More On Legal & Compliancefrom The Advisor's Professional Library
- RIAs and Customer Identification Just as RIAs owe a duty to diligently protect their clients privacy and guard against theft, firms also play a vital role in customer identification. Although RIAs are not subject to an anti-money laundering rule, securities regulators expect advisors to address these issues in their policies and procedures.
- Suitability and Fiduciary Duty Recommending suitable investments is more than just a regulatory obligation. Many investors bring cases claiming lack of suitability, so RIAs must continuously put the onus on clients to notify the advisor of changes in their financial situation.
Libor manipulation is rearing its ugly head again. In the latest infraction, UBS will pay $1 billion to settle allegations that it manipulated Libor, according to various reports.
The Financial Times and other publications reported Thursday that the news about UBS’ settlement will likely be made public on Monday.
As it stands now, “up to 10 authorities around the world are investigating potential manipulation of the rate in a probe that has embroiled around 20 banks and interdealer brokers,” the Financial Times reported. “The first arrests in the investigation were made this week by the U.K. authorities. One of the arrested men, Tom Hayes, used to work for UBS.”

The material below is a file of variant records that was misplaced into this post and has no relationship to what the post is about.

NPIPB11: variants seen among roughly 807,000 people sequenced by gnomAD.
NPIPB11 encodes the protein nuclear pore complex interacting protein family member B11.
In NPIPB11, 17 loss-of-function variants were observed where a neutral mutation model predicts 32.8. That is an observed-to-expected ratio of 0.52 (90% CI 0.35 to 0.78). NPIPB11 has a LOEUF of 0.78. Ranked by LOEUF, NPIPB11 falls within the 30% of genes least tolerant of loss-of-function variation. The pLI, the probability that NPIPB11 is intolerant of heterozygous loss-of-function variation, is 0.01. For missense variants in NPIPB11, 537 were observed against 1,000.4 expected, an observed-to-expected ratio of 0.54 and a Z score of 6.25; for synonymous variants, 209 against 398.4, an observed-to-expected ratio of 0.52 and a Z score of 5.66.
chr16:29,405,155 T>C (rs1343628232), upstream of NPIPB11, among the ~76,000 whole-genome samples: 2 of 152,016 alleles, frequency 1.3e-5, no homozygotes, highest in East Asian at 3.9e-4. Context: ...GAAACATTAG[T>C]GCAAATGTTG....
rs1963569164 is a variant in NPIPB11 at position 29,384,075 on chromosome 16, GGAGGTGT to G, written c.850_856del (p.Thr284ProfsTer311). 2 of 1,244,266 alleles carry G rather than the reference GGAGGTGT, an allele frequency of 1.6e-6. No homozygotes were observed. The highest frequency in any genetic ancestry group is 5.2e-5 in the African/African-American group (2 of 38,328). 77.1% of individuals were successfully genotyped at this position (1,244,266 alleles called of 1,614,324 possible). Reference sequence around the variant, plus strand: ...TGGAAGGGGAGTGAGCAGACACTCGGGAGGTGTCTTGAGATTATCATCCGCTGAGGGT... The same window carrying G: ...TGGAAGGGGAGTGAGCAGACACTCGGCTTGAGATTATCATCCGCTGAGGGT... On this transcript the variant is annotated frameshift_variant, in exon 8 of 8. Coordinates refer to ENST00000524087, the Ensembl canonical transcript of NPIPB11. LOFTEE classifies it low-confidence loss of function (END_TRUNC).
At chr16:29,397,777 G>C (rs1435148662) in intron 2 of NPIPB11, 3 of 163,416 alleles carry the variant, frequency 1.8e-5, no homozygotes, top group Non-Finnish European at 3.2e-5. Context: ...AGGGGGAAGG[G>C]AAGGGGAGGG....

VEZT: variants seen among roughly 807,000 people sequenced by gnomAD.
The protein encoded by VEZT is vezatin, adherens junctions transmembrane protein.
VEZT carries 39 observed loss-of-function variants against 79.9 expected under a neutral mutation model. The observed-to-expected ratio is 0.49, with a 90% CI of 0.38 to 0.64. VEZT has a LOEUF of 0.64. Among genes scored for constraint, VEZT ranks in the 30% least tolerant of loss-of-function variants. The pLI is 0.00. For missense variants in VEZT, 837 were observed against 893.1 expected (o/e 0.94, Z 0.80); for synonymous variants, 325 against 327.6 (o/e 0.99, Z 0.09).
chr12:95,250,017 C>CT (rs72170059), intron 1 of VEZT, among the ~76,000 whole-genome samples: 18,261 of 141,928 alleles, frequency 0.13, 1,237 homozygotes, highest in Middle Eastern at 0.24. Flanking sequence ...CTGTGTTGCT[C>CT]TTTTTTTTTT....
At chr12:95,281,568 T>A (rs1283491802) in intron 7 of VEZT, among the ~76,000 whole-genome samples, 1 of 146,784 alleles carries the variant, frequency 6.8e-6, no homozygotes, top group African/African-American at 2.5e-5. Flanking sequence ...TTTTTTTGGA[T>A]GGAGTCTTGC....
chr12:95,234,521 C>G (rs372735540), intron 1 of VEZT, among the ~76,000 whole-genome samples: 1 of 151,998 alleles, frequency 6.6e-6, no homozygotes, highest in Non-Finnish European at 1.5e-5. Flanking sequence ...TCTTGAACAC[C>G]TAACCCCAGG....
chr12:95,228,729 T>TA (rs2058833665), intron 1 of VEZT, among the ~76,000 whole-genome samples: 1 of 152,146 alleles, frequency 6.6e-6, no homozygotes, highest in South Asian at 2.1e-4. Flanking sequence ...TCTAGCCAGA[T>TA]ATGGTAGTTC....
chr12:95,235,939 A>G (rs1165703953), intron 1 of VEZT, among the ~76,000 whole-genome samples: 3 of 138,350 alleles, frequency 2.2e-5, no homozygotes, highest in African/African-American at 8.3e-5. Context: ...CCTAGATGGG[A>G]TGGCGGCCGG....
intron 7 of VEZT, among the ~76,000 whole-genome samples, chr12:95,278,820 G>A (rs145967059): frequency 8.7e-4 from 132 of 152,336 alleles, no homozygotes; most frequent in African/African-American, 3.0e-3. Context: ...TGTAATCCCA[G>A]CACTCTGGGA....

UBS’ settlement is expected to involve four regulators, the U.S. Department of Justice, the U.S. Commodity Futures Trading Commission, the U.K. Financial Services Authority and the Swiss regulator FINMA, which is UBS’ primary supervisor, according to the Financial Times.
All four are expected to receive some sort of monetary settlement–although FINMA cannot extract fines, it can demand that companies give up ill-gotten gains, the Times reported.
A fine in excess of $1 billion would be more than double the record penalty paid by Barclays, which settled the authorities’ Libor investigation in June by paying $450 million, the Times said.
The Financial Times reported that UBS “also won partial immunity from regulators by coming with information. The Swiss bank was one of the first to launch an internal investigation into the matter after authorities requested information in 2009.”
The UBS settlement will shed a light on the “alleged manipulation of the yen-denominated Libor interest rate in particular,” people close to the situation told the Times.
A $1 billion fine would cap a year that has seen UBS’ compliance issues put under public scrutiny, including a rogue-trading incident that lost the bank $2.3 billion, the Financial Times reported. “The bank was fined nearly £30m last month by the FSA over the incident, while the trader at the heart of the scandal, Kweku Adoboli, was sentenced to seven years in prison for perpetrating the biggest bank fraud in British history.”